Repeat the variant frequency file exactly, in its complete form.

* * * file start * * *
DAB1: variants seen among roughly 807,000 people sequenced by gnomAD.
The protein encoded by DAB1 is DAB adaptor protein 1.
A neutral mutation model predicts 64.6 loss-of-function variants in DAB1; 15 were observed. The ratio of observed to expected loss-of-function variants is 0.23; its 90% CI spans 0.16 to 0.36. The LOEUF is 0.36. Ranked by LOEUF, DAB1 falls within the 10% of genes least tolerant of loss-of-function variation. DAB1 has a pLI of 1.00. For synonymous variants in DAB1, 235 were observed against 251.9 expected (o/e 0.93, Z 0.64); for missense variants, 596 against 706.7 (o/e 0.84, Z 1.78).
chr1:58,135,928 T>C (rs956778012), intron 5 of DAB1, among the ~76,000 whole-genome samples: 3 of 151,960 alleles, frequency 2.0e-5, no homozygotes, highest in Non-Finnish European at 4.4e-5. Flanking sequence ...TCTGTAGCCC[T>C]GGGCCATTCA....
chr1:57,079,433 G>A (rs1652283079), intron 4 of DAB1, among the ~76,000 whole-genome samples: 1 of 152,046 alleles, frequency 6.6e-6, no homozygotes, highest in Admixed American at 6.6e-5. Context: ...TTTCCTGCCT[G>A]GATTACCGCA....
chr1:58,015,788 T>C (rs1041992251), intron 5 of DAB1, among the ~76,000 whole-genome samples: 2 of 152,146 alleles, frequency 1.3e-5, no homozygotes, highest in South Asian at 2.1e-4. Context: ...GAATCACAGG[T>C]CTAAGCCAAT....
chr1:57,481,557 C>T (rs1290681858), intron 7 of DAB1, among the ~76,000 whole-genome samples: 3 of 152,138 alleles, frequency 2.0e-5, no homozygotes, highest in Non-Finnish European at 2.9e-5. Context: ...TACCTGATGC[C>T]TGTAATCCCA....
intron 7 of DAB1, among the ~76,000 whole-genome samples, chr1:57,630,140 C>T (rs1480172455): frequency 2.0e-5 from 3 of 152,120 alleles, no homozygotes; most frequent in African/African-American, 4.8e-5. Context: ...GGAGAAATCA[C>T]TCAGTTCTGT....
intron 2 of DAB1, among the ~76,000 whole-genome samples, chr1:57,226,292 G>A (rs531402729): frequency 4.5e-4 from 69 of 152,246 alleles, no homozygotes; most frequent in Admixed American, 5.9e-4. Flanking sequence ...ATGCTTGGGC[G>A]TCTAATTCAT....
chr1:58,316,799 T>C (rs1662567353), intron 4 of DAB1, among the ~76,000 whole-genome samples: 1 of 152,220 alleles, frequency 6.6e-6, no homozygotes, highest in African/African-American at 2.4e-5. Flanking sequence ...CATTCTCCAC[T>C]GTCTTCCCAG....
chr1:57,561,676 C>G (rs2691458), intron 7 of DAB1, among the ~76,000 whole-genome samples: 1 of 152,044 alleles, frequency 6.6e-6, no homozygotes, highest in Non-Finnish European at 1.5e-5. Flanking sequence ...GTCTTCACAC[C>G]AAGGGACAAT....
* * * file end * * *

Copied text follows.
DAB1: variants seen among roughly 807,000 people sequenced by gnomAD.
The protein encoded by DAB1 is DAB adaptor protein 1.
A neutral mutation model predicts 64.6 loss-of-function variants in DAB1; 15 were observed. The ratio of observed to expected loss-of-function variants is 0.23; its 90% CI spans 0.16 to 0.36. The LOEUF is 0.36. Ranked by LOEUF, DAB1 falls within the 10% of genes least tolerant of loss-of-function variation. DAB1 has a pLI of 1.00. For synonymous variants in DAB1, 235 were observed against 251.9 expected (o/e 0.93, Z 0.64); for missense variants, 596 against 706.7 (o/e 0.84, Z 1.78).
chr1:58,135,928 T>C (rs956778012), intron 5 of DAB1, among the ~76,000 whole-genome samples: 3 of 151,960 alleles, frequency 2.0e-5, no homozygotes, highest in Non-Finnish European at 4.4e-5. Flanking sequence ...TCTGTAGCCC[T>C]GGGCCATTCA....
chr1:57,079,433 G>A (rs1652283079), intron 4 of DAB1, among the ~76,000 whole-genome samples: 1 of 152,046 alleles, frequency 6.6e-6, no homozygotes, highest in Admixed American at 6.6e-5. Context: ...TTTCCTGCCT[G>A]GATTACCGCA....
chr1:58,015,788 T>C (rs1041992251), intron 5 of DAB1, among the ~76,000 whole-genome samples: 2 of 152,146 alleles, frequency 1.3e-5, no homozygotes, highest in South Asian at 2.1e-4. Context: ...GAATCACAGG[T>C]CTAAGCCAAT....
chr1:57,481,557 C>T (rs1290681858), intron 7 of DAB1, among the ~76,000 whole-genome samples: 3 of 152,138 alleles, frequency 2.0e-5, no homozygotes, highest in Non-Finnish European at 2.9e-5. Context: ...TACCTGATGC[C>T]TGTAATCCCA....
intron 7 of DAB1, among the ~76,000 whole-genome samples, chr1:57,630,140 C>T (rs1480172455): frequency 2.0e-5 from 3 of 152,120 alleles, no homozygotes; most frequent in African/African-American, 4.8e-5. Context: ...GGAGAAATCA[C>T]TCAGTTCTGT....
intron 2 of DAB1, among the ~76,000 whole-genome samples, chr1:57,226,292 G>A (rs531402729): frequency 4.5e-4 from 69 of 152,246 alleles, no homozygotes; most frequent in Admixed American, 5.9e-4. Flanking sequence ...ATGCTTGGGC[G>A]TCTAATTCAT....
chr1:58,316,799 T>C (rs1662567353), intron 4 of DAB1, among the ~76,000 whole-genome samples: 1 of 152,220 alleles, frequency 6.6e-6, no homozygotes, highest in African/African-American at 2.4e-5. Flanking sequence ...CATTCTCCAC[T>C]GTCTTCCCAG....
chr1:57,561,676 C>G (rs2691458), intron 7 of DAB1, among the ~76,000 whole-genome samples: 1 of 152,044 alleles, frequency 6.6e-6, no homozygotes, highest in Non-Finnish European at 1.5e-5. Flanking sequence ...GTCTTCACAC[C>G]AAGGGACAAT....